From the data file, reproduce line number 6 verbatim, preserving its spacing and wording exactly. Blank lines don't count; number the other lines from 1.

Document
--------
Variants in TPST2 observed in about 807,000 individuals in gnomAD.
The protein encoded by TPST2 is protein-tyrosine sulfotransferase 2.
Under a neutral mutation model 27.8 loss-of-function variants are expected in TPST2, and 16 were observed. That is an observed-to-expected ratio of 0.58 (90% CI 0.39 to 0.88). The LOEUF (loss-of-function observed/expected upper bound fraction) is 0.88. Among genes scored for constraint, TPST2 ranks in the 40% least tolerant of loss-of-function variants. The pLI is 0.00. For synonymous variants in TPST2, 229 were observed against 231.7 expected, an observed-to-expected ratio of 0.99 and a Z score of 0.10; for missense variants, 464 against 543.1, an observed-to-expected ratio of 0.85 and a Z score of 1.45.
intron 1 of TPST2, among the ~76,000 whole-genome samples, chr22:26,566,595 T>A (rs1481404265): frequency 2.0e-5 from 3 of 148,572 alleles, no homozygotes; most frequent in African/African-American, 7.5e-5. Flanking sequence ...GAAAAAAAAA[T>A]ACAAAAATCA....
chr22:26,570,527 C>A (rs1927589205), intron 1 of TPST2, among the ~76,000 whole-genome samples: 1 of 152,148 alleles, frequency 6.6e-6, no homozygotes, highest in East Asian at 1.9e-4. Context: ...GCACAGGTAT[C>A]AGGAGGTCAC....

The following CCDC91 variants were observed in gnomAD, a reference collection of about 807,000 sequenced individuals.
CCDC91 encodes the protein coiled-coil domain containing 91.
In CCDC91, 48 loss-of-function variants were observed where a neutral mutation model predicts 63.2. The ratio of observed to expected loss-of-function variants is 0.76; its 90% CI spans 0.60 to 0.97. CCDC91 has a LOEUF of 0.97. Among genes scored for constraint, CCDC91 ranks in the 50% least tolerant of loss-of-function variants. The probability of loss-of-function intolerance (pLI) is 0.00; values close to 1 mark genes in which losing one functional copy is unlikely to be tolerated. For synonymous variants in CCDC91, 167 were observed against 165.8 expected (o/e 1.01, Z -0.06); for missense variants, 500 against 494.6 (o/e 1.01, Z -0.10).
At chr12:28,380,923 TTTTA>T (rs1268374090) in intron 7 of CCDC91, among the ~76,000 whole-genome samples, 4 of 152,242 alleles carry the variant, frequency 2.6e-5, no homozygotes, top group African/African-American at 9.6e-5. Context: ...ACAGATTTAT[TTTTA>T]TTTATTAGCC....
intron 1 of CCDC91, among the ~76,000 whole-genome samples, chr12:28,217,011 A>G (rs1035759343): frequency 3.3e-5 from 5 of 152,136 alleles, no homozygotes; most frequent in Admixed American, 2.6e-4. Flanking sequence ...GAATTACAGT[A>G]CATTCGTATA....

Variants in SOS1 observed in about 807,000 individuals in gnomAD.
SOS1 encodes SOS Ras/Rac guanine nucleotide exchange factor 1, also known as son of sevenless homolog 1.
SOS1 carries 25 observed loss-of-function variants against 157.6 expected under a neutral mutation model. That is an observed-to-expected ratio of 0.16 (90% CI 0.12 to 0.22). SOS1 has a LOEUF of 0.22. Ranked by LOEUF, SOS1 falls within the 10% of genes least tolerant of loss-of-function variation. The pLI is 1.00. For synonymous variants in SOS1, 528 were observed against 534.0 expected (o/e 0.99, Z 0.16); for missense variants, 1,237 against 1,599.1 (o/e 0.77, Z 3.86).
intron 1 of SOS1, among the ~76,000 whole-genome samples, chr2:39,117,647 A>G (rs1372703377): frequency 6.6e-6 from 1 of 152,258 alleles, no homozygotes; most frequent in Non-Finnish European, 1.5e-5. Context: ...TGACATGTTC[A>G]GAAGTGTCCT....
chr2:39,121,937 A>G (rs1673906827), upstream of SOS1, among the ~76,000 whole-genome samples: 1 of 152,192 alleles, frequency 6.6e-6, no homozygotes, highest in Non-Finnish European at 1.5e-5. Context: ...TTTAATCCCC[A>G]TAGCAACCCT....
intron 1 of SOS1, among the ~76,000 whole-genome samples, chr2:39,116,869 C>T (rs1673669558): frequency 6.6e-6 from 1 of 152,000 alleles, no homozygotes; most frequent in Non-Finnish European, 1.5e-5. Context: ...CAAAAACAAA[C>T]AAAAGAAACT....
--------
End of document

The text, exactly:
The following CCDC91 variants were observed in gnomAD, a reference collection of about 807,000 sequenced individuals.